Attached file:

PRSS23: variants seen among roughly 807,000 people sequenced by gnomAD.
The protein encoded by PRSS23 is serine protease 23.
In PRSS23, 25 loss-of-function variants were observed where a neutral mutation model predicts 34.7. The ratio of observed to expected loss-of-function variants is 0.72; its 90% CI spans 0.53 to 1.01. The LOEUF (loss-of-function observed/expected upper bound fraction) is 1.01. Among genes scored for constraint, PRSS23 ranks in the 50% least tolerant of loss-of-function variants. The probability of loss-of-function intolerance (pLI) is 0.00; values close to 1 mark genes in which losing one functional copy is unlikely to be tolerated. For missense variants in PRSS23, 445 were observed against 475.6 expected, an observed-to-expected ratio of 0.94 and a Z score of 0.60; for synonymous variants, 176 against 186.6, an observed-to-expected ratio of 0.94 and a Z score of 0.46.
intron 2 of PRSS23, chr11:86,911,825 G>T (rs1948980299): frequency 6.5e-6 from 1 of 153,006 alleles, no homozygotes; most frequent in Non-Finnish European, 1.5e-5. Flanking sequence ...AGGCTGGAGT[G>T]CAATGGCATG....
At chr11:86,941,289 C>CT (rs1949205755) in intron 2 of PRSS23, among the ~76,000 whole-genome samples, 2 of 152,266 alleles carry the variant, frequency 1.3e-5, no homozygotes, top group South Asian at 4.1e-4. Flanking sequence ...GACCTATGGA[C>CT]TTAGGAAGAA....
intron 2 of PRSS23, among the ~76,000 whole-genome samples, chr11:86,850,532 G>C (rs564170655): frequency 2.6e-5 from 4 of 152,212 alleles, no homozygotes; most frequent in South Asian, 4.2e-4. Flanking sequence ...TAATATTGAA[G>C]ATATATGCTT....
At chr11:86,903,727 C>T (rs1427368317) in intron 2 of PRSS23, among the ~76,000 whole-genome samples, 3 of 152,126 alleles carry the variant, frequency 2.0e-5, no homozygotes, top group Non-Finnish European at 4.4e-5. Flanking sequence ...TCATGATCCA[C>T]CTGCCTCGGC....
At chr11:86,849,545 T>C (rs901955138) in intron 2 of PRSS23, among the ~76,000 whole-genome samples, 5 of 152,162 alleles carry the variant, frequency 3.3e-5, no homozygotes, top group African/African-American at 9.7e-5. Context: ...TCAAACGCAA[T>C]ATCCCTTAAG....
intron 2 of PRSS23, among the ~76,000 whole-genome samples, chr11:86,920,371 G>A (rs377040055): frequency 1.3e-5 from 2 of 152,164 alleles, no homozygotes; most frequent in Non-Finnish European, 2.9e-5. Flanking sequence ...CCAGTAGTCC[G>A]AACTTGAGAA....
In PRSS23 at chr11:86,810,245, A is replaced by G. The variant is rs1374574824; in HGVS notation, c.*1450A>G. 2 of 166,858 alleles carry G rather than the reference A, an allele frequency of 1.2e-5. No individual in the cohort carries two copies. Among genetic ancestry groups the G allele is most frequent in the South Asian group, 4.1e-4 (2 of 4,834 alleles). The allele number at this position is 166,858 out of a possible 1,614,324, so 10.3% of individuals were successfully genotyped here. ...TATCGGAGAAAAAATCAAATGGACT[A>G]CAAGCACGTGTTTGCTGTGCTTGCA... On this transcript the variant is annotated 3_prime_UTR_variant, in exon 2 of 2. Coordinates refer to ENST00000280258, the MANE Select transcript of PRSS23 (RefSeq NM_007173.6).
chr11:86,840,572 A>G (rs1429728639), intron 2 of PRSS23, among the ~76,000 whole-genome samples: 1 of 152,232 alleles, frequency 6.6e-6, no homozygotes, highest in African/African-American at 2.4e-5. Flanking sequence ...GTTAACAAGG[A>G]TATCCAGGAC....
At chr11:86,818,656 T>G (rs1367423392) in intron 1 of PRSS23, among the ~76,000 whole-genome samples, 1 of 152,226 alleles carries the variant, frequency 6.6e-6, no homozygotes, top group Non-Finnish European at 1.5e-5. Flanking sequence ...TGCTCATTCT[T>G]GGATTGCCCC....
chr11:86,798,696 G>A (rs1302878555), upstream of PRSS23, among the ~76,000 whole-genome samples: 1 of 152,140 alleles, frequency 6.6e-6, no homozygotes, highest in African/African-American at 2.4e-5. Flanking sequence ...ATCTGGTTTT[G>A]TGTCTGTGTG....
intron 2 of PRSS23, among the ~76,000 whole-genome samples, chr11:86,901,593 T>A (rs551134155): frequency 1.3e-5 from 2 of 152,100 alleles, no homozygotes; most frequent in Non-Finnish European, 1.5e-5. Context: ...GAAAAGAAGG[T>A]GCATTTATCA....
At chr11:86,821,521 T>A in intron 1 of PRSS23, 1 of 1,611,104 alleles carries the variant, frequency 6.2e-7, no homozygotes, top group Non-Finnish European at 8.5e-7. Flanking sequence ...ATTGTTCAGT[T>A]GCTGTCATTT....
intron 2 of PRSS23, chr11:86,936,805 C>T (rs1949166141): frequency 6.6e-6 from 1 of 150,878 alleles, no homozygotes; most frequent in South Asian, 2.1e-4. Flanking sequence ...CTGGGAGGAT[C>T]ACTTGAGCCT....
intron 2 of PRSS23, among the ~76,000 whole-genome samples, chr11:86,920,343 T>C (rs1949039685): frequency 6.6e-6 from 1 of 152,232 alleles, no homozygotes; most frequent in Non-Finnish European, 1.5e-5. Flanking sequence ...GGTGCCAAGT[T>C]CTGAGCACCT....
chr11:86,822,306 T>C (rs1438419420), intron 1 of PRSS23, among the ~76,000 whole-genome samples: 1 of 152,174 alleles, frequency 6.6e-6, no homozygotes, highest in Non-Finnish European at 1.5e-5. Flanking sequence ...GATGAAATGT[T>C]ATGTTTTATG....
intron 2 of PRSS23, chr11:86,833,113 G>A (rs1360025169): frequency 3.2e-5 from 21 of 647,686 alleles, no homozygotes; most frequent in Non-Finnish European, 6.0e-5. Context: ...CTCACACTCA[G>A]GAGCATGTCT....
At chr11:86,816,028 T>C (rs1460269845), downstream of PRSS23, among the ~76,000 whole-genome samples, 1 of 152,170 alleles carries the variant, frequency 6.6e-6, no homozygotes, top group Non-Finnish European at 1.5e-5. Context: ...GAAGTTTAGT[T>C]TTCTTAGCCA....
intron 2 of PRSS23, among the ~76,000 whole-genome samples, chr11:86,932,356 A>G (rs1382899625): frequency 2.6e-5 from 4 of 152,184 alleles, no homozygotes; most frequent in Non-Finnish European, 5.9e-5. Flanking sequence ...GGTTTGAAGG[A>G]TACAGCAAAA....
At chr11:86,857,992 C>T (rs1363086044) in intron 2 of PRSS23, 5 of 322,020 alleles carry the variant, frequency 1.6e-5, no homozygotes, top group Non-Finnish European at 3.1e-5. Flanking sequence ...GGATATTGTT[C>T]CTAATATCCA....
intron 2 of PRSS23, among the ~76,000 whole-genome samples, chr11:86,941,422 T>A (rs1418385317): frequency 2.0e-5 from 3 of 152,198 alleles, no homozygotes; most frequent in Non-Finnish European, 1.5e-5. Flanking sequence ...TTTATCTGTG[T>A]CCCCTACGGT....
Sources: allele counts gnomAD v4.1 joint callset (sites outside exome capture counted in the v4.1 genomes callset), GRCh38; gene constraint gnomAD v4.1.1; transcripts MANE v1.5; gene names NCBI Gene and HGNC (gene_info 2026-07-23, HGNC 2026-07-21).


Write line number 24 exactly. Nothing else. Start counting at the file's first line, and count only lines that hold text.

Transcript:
Sources: allele counts gnomAD v4.1 joint callset (sites outside exome capture counted in the v4.1 genomes callset), GRCh38; gene constraint gnomAD v4.1.1; transcripts MANE v1.5; gene names NCBI Gene and HGNC (gene_info 2026-07-23, HGNC 2026-07-21).